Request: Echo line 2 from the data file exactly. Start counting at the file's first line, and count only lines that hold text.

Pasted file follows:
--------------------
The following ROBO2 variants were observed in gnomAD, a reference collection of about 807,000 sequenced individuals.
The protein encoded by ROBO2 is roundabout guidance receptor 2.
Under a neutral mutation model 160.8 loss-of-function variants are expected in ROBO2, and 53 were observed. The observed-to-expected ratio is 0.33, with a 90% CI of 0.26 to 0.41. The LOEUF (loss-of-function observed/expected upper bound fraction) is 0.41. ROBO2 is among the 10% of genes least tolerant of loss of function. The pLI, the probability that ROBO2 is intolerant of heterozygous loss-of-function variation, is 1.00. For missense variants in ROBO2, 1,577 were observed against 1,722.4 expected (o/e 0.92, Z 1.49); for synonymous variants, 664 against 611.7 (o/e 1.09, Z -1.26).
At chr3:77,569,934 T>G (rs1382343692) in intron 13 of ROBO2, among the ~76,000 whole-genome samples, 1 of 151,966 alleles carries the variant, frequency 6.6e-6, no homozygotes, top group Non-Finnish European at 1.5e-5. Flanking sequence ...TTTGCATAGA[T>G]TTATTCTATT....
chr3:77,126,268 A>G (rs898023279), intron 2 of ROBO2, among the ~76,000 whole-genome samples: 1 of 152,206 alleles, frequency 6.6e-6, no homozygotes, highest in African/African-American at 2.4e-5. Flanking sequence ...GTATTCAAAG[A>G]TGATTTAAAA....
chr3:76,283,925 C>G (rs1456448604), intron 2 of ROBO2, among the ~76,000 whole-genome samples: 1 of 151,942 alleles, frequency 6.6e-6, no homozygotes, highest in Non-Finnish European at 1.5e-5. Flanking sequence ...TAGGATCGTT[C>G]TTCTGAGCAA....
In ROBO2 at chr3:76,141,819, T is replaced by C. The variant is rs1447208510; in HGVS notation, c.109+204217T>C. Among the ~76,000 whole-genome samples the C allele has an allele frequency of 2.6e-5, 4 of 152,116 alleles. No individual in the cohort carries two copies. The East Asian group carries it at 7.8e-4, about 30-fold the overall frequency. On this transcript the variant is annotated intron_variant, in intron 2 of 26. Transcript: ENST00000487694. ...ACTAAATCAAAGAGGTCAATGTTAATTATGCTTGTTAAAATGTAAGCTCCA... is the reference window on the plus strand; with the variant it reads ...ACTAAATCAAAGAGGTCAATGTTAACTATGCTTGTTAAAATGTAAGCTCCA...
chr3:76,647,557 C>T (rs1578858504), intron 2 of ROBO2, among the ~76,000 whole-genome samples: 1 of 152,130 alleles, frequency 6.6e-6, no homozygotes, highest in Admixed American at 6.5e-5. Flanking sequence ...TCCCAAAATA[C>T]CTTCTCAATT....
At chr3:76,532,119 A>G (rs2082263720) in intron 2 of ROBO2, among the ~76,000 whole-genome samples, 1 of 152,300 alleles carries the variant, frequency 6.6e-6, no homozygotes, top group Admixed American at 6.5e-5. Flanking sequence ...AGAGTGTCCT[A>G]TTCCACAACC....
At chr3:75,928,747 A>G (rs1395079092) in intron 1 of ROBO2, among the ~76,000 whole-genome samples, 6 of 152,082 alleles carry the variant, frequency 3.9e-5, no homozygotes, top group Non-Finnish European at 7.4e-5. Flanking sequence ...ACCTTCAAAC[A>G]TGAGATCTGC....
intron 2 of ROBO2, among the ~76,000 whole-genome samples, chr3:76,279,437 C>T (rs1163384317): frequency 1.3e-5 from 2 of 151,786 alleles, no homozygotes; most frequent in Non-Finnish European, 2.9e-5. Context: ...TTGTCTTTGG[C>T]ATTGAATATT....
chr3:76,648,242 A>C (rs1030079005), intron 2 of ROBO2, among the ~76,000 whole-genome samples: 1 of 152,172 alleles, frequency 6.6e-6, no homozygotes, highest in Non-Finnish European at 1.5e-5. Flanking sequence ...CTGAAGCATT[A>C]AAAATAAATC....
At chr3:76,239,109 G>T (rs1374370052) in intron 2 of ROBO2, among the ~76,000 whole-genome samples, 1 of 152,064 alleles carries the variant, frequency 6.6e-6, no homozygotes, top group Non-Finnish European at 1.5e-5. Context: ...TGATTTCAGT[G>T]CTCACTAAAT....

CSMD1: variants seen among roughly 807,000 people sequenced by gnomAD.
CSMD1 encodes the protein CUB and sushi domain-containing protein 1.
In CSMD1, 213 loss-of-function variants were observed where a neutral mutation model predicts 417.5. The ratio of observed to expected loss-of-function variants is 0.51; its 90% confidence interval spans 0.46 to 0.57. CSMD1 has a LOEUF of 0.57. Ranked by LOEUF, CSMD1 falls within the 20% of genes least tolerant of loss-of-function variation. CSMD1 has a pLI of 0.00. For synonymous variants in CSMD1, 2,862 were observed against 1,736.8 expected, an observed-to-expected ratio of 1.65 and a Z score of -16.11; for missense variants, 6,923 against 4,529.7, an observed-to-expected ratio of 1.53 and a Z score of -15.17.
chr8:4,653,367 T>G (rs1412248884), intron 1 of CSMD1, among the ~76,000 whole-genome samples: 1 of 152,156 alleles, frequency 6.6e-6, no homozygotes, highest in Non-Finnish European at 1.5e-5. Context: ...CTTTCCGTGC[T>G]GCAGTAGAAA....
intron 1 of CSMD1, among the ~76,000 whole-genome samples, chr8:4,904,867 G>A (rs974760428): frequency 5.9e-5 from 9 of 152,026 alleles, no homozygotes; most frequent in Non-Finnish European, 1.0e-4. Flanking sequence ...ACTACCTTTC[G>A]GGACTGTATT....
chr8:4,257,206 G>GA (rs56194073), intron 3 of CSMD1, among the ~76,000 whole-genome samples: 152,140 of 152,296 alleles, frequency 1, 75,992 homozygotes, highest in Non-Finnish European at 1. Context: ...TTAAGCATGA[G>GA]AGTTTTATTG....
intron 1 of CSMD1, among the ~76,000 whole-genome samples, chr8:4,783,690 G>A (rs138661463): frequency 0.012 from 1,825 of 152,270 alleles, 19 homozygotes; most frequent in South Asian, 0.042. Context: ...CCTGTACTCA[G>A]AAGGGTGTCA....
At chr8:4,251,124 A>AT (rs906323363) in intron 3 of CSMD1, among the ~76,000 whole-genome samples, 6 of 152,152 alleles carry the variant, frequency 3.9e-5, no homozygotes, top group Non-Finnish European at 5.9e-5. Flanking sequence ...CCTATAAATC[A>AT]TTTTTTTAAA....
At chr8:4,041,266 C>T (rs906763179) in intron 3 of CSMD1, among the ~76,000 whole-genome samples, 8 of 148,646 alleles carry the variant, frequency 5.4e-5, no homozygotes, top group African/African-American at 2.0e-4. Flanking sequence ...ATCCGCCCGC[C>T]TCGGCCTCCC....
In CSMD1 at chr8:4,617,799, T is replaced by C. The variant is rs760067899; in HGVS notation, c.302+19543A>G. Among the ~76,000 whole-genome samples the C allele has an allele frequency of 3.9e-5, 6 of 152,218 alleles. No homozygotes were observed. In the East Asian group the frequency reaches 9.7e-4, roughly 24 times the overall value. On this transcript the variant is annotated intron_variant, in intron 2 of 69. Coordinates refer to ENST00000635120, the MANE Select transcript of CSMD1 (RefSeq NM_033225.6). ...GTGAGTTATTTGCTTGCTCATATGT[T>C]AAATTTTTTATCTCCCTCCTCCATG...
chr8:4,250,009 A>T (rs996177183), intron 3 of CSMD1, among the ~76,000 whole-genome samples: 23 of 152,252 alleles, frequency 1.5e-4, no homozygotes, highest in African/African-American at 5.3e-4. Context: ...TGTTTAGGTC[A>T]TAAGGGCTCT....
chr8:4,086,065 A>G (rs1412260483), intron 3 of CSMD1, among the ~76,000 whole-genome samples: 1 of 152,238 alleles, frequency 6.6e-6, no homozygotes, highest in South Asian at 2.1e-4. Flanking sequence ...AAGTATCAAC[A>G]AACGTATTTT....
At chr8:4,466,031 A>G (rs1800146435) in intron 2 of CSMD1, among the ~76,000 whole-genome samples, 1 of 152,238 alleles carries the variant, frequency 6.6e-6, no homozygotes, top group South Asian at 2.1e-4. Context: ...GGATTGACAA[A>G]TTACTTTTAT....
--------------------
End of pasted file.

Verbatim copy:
The protein encoded by ROBO2 is roundabout guidance receptor 2.